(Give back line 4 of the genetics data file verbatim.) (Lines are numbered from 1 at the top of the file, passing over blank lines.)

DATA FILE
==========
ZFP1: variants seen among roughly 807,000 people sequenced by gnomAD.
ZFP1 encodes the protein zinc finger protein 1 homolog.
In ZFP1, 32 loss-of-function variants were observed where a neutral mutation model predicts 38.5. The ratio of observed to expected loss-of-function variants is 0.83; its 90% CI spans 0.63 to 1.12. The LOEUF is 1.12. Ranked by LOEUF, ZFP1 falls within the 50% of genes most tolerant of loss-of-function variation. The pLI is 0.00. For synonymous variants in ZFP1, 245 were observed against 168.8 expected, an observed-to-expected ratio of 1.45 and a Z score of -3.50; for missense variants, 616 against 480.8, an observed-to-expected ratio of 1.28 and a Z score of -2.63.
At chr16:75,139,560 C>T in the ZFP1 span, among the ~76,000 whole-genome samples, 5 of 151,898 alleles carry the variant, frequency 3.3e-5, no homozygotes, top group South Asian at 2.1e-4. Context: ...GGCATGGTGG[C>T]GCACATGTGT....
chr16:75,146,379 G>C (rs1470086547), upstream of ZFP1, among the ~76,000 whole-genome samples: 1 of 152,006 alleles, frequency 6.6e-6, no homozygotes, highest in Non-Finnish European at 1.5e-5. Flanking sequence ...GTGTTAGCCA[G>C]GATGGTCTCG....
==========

At chr16:75,139,560 C>T in the ZFP1 span, among the ~76,000 whole-genome samples, 5 of 151,898 alleles carry the variant, frequency 3.3e-5, no homozygotes, top group South Asian at 2.1e-4. Context: ...GGCATGGTGG[C>T]GCACATGTGT....